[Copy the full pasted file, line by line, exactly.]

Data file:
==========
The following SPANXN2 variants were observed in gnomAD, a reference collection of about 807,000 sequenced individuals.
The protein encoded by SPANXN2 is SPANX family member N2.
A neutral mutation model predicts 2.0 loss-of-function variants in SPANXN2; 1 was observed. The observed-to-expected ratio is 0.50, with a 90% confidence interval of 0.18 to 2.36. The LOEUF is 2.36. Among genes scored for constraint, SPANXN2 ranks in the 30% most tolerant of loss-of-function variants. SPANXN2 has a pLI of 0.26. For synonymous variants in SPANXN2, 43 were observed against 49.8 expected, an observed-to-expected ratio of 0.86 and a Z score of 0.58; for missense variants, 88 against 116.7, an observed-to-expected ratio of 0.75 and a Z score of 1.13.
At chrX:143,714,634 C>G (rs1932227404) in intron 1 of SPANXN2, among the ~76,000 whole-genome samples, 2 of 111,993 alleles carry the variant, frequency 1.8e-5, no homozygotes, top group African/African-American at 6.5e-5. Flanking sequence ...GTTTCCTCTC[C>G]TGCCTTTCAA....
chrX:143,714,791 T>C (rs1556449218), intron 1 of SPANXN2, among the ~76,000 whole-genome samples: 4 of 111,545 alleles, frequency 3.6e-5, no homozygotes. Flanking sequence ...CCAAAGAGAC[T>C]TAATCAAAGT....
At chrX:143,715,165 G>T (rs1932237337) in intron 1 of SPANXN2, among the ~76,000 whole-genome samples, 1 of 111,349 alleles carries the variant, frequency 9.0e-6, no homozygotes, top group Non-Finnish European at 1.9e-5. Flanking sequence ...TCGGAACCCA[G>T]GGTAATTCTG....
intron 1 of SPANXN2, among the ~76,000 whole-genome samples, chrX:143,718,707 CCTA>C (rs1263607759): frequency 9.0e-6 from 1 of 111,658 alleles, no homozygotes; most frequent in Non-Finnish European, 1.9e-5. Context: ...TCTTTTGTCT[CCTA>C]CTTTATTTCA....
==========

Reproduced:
The following SPANXN2 variants were observed in gnomAD, a reference collection of about 807,000 sequenced individuals.
The protein encoded by SPANXN2 is SPANX family member N2.
A neutral mutation model predicts 2.0 loss-of-function variants in SPANXN2; 1 was observed. The observed-to-expected ratio is 0.50, with a 90% confidence interval of 0.18 to 2.36. The LOEUF is 2.36. Among genes scored for constraint, SPANXN2 ranks in the 30% most tolerant of loss-of-function variants. SPANXN2 has a pLI of 0.26. For synonymous variants in SPANXN2, 43 were observed against 49.8 expected, an observed-to-expected ratio of 0.86 and a Z score of 0.58; for missense variants, 88 against 116.7, an observed-to-expected ratio of 0.75 and a Z score of 1.13.
At chrX:143,714,634 C>G (rs1932227404) in intron 1 of SPANXN2, among the ~76,000 whole-genome samples, 2 of 111,993 alleles carry the variant, frequency 1.8e-5, no homozygotes, top group African/African-American at 6.5e-5. Flanking sequence ...GTTTCCTCTC[C>G]TGCCTTTCAA....
chrX:143,714,791 T>C (rs1556449218), intron 1 of SPANXN2, among the ~76,000 whole-genome samples: 4 of 111,545 alleles, frequency 3.6e-5, no homozygotes. Flanking sequence ...CCAAAGAGAC[T>C]TAATCAAAGT....
At chrX:143,715,165 G>T (rs1932237337) in intron 1 of SPANXN2, among the ~76,000 whole-genome samples, 1 of 111,349 alleles carries the variant, frequency 9.0e-6, no homozygotes, top group Non-Finnish European at 1.9e-5. Flanking sequence ...TCGGAACCCA[G>T]GGTAATTCTG....
intron 1 of SPANXN2, among the ~76,000 whole-genome samples, chrX:143,718,707 CCTA>C (rs1263607759): frequency 9.0e-6 from 1 of 111,658 alleles, no homozygotes; most frequent in Non-Finnish European, 1.9e-5. Context: ...TCTTTTGTCT[CCTA>C]CTTTATTTCA....